Hunt, John Dixon, ed. Pope: The Rape of the Lock: a Casebook. Macmillan, London, 1968.
Johnson, Samuel. “Life of Pope” in Johnson’s Lives of the Poets: A Selection, edited by J.P. Hardy. Oxford University Press, London, 1971.
Leavis, F.R. Revaluation. Penguin Books, Harmondsworth, 1972.
Mack, Maynard. The Garden and the City. University of Toronto Press, Toronto, 1969.
Mock epic is a narrative poem which aims at mockery and laughter by using almost all the characteristic features of an epic but for a trivial subject. Alexander Pope’s “The Rape of the Lock” is a famous mock-epic. In it, there is invocation to Muses, proposition of subject, battles, supernatural machinery, journey on water, underworld journey, long speeches, feasts (coffee house), Homeric similes and grand style but all for a simple family dispute instead of a national struggle. The grand treatment of a low subject produces hilarious l... Read more→
43 out of 46 people found this helpful
Ans: Having a Cleopatra-like variety, Belinda is the one who is all pervasive and central character in Alexander Pope's mock heroic, "The Rape of the Lock". Pope's attitude to Belinda is very mixed and complicated: mocking and yet tender, admiring and yet critical. Read the full answer at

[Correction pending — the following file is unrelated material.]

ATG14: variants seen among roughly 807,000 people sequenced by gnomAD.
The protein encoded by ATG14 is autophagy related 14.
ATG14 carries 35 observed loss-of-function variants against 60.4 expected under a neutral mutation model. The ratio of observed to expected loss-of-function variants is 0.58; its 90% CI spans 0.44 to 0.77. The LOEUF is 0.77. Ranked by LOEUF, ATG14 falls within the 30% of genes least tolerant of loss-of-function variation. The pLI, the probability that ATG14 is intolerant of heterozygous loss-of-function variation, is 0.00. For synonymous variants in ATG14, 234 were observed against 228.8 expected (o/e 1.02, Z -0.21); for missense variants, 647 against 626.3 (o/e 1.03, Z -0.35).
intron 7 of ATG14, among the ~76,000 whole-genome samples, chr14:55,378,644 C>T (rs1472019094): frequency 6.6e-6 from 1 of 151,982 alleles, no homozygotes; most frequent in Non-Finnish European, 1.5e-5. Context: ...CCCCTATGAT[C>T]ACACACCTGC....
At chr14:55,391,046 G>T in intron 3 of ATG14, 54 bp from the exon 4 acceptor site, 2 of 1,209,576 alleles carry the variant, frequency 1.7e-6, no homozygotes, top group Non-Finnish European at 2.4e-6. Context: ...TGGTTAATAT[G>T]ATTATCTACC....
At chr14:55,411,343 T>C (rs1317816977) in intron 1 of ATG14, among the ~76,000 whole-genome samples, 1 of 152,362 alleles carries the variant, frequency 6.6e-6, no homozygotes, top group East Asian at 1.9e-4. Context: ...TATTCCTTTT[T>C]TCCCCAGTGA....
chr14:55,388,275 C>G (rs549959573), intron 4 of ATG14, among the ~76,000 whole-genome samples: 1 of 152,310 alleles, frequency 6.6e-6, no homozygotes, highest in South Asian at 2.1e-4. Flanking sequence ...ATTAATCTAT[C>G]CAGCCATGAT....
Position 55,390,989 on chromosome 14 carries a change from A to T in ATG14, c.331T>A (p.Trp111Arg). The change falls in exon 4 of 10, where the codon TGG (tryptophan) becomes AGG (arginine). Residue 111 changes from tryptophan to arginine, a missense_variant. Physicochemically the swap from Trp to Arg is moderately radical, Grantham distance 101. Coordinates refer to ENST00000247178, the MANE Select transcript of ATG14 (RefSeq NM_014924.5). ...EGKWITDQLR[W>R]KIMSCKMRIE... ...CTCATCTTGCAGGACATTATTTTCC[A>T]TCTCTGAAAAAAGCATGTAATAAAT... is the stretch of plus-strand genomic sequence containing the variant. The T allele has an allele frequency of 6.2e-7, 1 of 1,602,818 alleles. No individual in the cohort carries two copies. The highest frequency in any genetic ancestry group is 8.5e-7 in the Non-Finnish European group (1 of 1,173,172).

Ans: The word ‘satire’ is derived from the Latin word ‘satira’ which is a literary attack on the follies and vices of an individual or a society with a view to correcting them through laughter and ridicule written either in prose or verse. However, as Shakespeare is the poet of man, Alexander Pope is a poet of society. “The Rape of the Lock” is a social document because it mirrors contemporary society and contains a social satire, too. Read the full answer Free at
3 out of 3 people found this helpful